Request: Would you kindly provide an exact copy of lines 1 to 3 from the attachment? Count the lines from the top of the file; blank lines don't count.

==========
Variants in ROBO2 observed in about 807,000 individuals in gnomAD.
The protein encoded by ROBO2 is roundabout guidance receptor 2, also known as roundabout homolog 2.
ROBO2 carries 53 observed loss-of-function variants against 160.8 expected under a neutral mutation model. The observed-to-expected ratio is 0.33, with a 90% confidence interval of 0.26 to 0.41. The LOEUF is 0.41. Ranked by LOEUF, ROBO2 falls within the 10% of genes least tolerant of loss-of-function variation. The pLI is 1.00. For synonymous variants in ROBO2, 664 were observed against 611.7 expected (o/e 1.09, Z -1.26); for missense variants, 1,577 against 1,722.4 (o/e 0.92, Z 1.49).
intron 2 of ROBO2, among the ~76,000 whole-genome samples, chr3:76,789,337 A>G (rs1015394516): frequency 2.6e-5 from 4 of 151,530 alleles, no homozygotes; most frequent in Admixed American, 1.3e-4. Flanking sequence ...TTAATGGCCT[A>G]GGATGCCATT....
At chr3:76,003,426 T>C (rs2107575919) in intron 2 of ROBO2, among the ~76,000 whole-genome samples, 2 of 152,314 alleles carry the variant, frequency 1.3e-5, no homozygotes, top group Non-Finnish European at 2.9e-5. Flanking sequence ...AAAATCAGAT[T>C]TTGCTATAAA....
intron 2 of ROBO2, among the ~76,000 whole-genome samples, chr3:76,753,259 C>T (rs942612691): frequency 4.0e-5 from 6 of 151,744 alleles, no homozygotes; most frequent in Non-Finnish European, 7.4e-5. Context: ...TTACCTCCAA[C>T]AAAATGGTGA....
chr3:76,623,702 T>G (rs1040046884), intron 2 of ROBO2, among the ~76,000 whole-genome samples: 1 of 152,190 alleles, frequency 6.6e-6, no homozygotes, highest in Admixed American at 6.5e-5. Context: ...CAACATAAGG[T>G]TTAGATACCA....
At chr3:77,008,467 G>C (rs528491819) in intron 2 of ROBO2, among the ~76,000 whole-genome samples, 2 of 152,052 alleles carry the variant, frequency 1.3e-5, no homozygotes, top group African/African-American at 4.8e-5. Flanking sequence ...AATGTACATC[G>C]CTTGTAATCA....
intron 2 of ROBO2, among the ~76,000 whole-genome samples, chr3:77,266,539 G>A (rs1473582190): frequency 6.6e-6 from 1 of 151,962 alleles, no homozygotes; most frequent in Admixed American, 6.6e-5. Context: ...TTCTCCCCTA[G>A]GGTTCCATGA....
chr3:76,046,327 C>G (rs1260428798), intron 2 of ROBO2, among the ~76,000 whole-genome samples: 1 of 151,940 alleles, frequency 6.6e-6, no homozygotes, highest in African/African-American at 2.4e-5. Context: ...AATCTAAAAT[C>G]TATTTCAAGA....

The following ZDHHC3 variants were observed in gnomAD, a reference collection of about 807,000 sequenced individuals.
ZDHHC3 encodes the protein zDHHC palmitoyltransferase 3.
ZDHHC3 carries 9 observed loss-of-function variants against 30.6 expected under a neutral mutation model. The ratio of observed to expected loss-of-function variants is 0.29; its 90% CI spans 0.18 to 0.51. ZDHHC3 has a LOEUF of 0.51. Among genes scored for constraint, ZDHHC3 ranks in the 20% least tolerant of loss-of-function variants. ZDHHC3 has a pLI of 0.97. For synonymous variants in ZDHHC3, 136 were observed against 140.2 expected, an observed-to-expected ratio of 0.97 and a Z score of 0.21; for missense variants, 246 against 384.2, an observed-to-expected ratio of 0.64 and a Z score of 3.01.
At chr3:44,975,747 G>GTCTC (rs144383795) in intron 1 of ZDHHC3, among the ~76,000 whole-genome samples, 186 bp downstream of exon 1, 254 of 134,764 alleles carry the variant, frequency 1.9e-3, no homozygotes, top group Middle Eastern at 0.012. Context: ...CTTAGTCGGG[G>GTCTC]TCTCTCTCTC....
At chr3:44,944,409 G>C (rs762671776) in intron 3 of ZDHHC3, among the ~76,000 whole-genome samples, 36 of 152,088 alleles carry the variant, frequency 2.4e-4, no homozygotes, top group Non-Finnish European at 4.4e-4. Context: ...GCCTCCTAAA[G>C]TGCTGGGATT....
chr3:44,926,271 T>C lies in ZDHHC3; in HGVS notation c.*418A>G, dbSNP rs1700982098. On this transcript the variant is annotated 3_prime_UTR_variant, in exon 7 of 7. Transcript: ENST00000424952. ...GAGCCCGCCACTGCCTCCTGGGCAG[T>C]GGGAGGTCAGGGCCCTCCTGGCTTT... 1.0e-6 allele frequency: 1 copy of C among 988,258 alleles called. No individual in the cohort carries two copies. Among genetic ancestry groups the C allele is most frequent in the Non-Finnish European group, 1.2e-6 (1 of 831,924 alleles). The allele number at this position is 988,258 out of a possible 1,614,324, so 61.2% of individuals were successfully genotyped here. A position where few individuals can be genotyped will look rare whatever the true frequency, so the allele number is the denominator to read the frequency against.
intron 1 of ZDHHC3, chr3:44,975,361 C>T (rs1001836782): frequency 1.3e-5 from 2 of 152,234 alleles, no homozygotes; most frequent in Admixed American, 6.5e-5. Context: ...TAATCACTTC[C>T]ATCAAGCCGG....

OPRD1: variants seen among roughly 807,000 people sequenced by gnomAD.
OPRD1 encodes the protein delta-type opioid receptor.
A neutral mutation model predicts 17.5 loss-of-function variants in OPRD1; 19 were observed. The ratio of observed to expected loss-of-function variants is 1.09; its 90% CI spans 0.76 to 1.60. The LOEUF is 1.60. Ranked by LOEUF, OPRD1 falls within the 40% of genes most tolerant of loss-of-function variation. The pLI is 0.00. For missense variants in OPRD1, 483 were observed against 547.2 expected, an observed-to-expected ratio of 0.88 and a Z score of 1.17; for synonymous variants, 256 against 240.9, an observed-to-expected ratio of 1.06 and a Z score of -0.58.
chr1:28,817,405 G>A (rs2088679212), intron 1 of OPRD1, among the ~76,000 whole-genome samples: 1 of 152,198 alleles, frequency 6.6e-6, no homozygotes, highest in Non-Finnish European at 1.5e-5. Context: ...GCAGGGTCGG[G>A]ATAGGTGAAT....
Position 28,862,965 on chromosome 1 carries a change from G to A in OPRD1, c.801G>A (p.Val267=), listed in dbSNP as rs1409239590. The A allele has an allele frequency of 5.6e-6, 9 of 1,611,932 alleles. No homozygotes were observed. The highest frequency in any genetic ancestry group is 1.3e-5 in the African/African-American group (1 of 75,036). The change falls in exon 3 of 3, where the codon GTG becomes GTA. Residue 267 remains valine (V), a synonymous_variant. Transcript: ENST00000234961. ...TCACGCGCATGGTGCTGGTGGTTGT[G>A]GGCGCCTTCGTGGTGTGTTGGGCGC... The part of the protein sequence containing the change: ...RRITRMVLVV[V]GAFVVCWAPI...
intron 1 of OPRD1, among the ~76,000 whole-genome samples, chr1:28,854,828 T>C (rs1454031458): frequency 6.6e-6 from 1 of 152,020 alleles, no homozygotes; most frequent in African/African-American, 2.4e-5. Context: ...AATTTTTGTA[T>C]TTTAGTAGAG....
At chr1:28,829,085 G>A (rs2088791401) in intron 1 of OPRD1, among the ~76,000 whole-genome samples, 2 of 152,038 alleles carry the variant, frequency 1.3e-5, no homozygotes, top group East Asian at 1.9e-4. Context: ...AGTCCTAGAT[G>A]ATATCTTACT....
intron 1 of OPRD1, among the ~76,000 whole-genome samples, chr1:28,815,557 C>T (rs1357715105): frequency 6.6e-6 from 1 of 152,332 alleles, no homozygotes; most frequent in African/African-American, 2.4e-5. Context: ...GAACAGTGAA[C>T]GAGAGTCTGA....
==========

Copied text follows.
Variants in ROBO2 observed in about 807,000 individuals in gnomAD.
The protein encoded by ROBO2 is roundabout guidance receptor 2, also known as roundabout homolog 2.
ROBO2 carries 53 observed loss-of-function variants against 160.8 expected under a neutral mutation model. The observed-to-expected ratio is 0.33, with a 90% confidence interval of 0.26 to 0.41. The LOEUF is 0.41. Ranked by LOEUF, ROBO2 falls within the 10% of genes least tolerant of loss-of-function variation. The pLI is 1.00. For synonymous variants in ROBO2, 664 were observed against 611.7 expected (o/e 1.09, Z -1.26); for missense variants, 1,577 against 1,722.4 (o/e 0.92, Z 1.49).